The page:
I had already read more than half of THE BONE FIRE when the war in Ukraine began.
It was certainly a timely book to read.
The story doesn’t take place during a war. It’s a book about the generation/two generations after a war. About generations who not only have grown up dealing with the war scars of their parents/grandparents but have spent their lives behind the iron curtain.
The story takes place in an unnamed Eastern European country that has very recently been freed from life behind “the iron curtain”. Those who know claim that it’s Romania.
The book is a combination of a coming of age story of 13-year-old Emma, recently orphaned, living with her mystical grandmother. While dealing with typical teenage angst (first menstruation, clothes, first crush, etc…) she must also deal with the harshness of an educational system scarred by the unforgiving brutality of a communist regime and the ghosts of war haunting her grandmother.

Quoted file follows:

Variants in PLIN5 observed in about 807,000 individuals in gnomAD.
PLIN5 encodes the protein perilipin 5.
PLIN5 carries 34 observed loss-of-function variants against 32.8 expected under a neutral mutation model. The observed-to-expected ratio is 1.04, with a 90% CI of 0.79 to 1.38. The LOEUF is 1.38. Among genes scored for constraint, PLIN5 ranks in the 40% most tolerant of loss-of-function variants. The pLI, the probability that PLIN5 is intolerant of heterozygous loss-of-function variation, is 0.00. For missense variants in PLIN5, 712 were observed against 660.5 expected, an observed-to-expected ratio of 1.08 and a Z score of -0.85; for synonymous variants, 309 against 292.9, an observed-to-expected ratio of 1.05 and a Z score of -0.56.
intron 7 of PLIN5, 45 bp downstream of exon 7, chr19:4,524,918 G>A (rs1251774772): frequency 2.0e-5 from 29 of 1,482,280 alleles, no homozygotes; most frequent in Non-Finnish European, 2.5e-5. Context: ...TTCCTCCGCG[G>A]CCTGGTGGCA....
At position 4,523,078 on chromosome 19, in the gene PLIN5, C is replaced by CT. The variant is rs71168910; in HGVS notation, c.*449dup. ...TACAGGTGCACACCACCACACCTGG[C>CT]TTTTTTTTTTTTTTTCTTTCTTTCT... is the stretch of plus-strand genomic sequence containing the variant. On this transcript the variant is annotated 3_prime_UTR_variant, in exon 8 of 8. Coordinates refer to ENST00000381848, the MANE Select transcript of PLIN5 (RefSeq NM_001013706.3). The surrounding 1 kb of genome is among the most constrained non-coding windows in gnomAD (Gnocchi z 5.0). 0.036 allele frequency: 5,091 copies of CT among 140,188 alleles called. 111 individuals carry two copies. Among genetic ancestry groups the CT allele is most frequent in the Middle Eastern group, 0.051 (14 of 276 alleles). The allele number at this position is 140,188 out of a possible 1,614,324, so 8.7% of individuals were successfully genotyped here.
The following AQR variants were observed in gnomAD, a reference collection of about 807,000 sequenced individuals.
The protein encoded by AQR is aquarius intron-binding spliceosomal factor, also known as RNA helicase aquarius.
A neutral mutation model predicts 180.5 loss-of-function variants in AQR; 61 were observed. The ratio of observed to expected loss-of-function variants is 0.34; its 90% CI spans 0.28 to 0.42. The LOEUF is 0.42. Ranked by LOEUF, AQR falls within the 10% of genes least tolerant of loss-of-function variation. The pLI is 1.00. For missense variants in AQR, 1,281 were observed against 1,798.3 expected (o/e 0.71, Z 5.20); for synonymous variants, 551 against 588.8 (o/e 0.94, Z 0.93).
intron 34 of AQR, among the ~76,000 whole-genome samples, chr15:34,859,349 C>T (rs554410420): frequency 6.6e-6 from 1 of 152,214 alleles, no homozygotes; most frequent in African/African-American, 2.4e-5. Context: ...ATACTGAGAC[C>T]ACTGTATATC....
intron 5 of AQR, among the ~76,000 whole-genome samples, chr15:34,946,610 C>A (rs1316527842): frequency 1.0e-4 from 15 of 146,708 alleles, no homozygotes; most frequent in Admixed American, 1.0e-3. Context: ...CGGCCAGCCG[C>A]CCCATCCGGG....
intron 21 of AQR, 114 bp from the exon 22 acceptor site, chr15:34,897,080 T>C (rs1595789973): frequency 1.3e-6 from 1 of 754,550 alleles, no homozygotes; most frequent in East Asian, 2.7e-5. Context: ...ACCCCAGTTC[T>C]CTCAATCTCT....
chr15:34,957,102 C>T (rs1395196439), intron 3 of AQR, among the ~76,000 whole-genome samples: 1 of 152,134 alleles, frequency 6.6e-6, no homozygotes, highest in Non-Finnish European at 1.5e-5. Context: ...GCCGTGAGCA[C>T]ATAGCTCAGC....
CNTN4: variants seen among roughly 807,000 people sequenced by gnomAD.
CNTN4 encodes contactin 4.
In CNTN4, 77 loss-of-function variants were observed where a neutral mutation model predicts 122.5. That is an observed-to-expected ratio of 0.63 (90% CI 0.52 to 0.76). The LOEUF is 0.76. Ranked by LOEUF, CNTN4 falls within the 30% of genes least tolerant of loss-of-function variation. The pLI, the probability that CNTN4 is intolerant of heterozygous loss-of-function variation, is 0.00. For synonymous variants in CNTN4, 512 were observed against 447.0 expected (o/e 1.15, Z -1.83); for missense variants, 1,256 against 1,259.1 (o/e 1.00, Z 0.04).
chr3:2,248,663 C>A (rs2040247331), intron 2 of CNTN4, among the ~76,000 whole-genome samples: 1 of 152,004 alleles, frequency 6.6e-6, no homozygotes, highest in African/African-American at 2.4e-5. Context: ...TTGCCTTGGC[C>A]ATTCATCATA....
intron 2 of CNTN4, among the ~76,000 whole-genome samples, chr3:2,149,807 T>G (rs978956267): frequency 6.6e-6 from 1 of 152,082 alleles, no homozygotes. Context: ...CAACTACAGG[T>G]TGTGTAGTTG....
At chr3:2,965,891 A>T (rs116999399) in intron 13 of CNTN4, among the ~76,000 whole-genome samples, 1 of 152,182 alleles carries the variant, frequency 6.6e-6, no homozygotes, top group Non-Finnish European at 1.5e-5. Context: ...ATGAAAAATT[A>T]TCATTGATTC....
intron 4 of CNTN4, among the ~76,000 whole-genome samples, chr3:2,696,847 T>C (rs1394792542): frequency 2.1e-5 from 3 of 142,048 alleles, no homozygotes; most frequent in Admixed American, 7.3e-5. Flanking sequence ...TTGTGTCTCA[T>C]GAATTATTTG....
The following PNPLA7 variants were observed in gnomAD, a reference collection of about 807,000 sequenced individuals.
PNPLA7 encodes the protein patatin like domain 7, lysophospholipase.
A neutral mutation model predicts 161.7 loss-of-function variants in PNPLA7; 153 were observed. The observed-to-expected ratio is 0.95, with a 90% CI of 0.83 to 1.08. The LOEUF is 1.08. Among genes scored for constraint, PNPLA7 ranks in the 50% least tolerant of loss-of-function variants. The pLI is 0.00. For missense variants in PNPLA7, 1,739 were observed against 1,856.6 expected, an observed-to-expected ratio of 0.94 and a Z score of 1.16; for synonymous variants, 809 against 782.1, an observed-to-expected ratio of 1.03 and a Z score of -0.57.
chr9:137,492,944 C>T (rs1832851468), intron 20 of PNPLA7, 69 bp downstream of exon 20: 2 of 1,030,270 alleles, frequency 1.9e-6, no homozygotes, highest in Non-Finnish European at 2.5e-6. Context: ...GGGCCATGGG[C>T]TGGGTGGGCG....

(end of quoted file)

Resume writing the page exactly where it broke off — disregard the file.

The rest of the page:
Yet her grandmother has special gifts and wisdom to pass down to Emma, gifts that become her own.
Beyond everything, the writing is unique and absolutely captivating. Except for one part in the middle when I felt the author got too bogged down in details of teenage angst for too long, I was very taken by how the story is told and the manner in which the plot progresses. I can’t analyze the storytelling technique the way the New York Times Reviewer does (a review I read after reading the book!) but I don’t feel I need to. What matters is how it made me feel.
Fortunately, my son purchased the book following the New York Times review and suggested I read it as well.
I’m so glad I did.
I only wish that war in an area that had experienced life behind the iron curtain wasn’t taking place as I was reading the book…